Need a room refresh? Invite the outdoors in.
There’s a litany of reasons why you might be spending more time than usual inside (inclement weather, injury, global pandemic — just to name a few). And while we must say that we love what you’ve done with the place, it’s true that the effects of being cooped up at home can’t be understated.
But why does being indoors for extended periods of time leave us feeling stressed or anxious? Shouldn’t our “Live, Laugh, Love” woodblock cut-out sustain us?
Turns out, being apart from nature can take its toll on us humans.
“Humans have an affinity toward nature that’s biologically embedded,” says Bethany Borel, a senior associate at CookFox Architects, in the New York Times. Borel and her firm design spaces that focus on incorporating biophilic elements (rooted in the theory that humans have an innate, genetic attraction to nature and its processes) into their designs, such as plant life and other natural materials and structures, to keep the people inside of them happy and healthy.
So, what can you do if you can’t hire a renowned architectural firm to bring the outdoors in through your doors?
We’ve got a few suggestions.
Get some plants
Yeah, this one might be low-hanging fruit, but it’s clear that if you’re lacking nature in your home, just bring some inside. It’s something we’ve even gone into in greater detail before on this humble blog.
But one little spider plant stuffed on top of the bookshelf generally won’t be the whirlwind refresh you need — you may have to throw a little plant party. In that same New York Times piece, we hear from Bill Browning, a colleague of Borel and founder of Terrapin Bright Green, a New York-based sustainability consulting firm.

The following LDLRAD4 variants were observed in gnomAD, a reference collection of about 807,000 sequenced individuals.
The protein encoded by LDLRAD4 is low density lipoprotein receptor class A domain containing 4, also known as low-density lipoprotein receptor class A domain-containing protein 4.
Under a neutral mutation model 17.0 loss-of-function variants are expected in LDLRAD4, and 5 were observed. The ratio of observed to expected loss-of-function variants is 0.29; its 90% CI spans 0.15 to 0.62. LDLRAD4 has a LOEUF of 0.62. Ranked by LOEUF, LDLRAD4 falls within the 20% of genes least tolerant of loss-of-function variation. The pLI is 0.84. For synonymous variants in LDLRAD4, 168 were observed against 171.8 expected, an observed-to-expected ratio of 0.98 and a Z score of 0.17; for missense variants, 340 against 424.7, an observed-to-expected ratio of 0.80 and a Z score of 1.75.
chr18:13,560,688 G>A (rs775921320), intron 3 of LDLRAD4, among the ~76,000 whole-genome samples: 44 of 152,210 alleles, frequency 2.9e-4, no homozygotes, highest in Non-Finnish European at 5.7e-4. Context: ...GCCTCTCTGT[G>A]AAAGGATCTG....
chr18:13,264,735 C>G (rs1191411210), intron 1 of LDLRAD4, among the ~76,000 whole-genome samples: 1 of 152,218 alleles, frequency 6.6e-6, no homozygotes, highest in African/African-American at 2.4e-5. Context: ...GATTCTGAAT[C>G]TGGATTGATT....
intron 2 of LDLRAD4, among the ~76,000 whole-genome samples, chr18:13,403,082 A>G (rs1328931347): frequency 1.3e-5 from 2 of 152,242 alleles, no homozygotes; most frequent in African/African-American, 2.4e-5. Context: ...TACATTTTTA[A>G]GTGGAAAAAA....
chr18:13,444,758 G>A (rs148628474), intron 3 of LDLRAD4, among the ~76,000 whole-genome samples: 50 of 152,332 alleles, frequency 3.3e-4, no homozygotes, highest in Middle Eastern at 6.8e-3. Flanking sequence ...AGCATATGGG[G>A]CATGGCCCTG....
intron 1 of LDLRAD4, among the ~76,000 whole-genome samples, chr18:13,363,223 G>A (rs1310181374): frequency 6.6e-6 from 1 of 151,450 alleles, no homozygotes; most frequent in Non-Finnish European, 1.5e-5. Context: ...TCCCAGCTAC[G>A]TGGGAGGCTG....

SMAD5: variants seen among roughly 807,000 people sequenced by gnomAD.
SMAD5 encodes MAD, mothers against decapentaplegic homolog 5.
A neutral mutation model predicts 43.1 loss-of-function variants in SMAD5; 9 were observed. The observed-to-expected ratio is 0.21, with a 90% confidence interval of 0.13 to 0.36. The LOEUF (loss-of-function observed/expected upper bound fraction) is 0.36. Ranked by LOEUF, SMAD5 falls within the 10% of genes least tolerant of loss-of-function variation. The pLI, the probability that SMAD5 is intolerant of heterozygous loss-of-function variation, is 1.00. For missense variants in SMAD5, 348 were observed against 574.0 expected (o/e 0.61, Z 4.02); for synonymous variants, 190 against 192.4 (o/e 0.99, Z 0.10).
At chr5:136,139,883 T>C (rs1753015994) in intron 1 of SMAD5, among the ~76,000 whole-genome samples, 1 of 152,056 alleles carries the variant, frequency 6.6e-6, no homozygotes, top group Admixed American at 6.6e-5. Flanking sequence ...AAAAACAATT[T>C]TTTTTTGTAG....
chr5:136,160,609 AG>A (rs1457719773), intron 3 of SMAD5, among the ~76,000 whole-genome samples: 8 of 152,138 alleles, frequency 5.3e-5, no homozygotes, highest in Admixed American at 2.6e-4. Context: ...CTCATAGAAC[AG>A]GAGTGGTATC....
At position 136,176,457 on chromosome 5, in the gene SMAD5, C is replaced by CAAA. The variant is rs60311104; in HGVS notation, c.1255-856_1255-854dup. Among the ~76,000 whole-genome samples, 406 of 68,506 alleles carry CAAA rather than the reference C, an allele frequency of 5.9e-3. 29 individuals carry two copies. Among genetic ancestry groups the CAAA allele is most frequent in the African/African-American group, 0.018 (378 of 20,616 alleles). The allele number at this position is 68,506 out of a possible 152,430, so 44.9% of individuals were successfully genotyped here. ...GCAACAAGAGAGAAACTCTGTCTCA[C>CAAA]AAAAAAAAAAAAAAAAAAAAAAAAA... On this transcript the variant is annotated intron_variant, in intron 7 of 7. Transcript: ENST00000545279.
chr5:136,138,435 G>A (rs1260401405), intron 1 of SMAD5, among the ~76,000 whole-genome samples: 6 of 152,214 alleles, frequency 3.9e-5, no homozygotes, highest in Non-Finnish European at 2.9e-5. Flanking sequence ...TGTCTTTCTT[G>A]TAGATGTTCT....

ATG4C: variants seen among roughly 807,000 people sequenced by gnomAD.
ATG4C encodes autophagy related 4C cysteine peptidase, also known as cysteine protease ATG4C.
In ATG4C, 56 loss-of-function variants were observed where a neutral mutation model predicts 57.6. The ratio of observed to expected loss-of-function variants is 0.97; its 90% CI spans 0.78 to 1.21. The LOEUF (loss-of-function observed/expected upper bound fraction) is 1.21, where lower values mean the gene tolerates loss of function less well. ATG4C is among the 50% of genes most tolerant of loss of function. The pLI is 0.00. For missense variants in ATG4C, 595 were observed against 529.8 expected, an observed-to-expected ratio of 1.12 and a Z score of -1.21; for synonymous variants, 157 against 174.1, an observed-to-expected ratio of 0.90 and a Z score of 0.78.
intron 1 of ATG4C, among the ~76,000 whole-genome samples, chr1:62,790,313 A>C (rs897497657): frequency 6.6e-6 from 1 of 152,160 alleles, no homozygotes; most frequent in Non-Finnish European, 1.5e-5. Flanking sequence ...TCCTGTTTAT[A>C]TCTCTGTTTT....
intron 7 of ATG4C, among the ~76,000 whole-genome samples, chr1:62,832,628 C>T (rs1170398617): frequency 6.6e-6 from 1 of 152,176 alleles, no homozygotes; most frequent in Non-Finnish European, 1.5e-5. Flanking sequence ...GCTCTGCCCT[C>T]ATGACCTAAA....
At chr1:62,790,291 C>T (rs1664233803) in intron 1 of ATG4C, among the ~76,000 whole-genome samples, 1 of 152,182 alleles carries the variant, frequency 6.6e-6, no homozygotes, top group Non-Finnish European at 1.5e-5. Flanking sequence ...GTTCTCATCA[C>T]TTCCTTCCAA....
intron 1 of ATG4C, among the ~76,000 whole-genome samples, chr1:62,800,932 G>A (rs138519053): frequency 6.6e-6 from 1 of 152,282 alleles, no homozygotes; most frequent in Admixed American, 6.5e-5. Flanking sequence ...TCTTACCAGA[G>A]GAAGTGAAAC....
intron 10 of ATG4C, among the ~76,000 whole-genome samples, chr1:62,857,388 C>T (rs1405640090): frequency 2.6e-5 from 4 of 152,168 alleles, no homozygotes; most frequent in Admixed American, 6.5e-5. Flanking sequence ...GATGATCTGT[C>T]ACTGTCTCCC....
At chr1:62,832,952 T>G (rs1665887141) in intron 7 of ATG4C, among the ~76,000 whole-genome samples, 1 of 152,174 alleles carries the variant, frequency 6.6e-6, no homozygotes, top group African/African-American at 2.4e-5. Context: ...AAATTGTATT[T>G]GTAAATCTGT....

“Environmental psychologists are theorizing that when we see a cluster of plants together, the brain says, ‘Oh, look, there’s a habitat, so this must be a good place for me to be.’” Yes, that one-bedroom of yours, that’s your habitat. So, try mixing and matching different types of plants in different locations. Make your habitat truly a home.
One thing to note: Make sure you’re only taking on as many plants as you can handle — no need to unnecessarily stress yourself out by giving your space an impromptu, wall-to-wall Pacific Rainforest makeover. Start with just a few and then learn how to keep your new leafy roommates alive.
Oh look, here’s a handy guide on how to do just that.
Bring in some natural materials
Whirls of natural wood grain, intricate wicker weaves of natural rattan, stone that’s cool to the touch and to look at — according to Borel, furniture that’s made from (and highlights) natural materials, like a solid-oak table, brings on the same soothing effects as house plants.
“When I’m sitting at a table that has a live edge, or some kind of articulation to the wood grain, I end up running my fingers over the edge of the table. That subconscious connection with the natural helps us calm down a little.”
The tactile nature of those organic materials can also contribute to lifting that curtain of malaise. The feeling of a wicker chair or stone end table. They do more than just hold things and look good, you know?
So if you find yourself in need of an import of fresh air into your home, make the natural choice with some of our favorite pieces. It may just help you breathe a little easier.